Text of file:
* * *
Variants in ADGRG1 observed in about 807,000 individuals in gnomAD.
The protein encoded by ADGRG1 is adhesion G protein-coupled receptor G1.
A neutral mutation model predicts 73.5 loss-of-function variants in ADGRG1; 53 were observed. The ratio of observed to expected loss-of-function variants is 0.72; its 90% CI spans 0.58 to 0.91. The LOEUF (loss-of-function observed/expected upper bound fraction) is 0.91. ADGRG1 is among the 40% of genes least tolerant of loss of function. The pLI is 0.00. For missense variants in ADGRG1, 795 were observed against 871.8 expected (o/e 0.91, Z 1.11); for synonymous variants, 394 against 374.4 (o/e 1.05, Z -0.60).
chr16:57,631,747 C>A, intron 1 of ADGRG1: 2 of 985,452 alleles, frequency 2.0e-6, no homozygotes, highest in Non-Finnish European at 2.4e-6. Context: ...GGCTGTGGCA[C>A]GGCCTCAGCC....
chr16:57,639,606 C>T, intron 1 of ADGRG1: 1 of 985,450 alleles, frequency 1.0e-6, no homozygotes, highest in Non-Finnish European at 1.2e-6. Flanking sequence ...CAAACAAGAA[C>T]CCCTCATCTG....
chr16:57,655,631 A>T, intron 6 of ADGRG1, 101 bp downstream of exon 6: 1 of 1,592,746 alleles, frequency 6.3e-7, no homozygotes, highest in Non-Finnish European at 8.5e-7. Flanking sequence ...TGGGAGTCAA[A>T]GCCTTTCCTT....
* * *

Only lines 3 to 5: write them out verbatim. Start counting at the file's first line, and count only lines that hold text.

A neutral mutation model predicts 73.5 loss-of-function variants in ADGRG1; 53 were observed. The ratio of observed to expected loss-of-function variants is 0.72; its 90% CI spans 0.58 to 0.91. The LOEUF (loss-of-function observed/expected upper bound fraction) is 0.91. ADGRG1 is among the 40% of genes least tolerant of loss of function. The pLI is 0.00. For missense variants in ADGRG1, 795 were observed against 871.8 expected (o/e 0.91, Z 1.11); for synonymous variants, 394 against 374.4 (o/e 1.05, Z -0.60).
chr16:57,631,747 C>A, intron 1 of ADGRG1: 2 of 985,452 alleles, frequency 2.0e-6, no homozygotes, highest in Non-Finnish European at 2.4e-6. Context: ...GGCTGTGGCA[C>A]GGCCTCAGCC....
chr16:57,639,606 C>T, intron 1 of ADGRG1: 1 of 985,450 alleles, frequency 1.0e-6, no homozygotes, highest in Non-Finnish European at 1.2e-6. Flanking sequence ...CAAACAAGAA[C>T]CCCTCATCTG....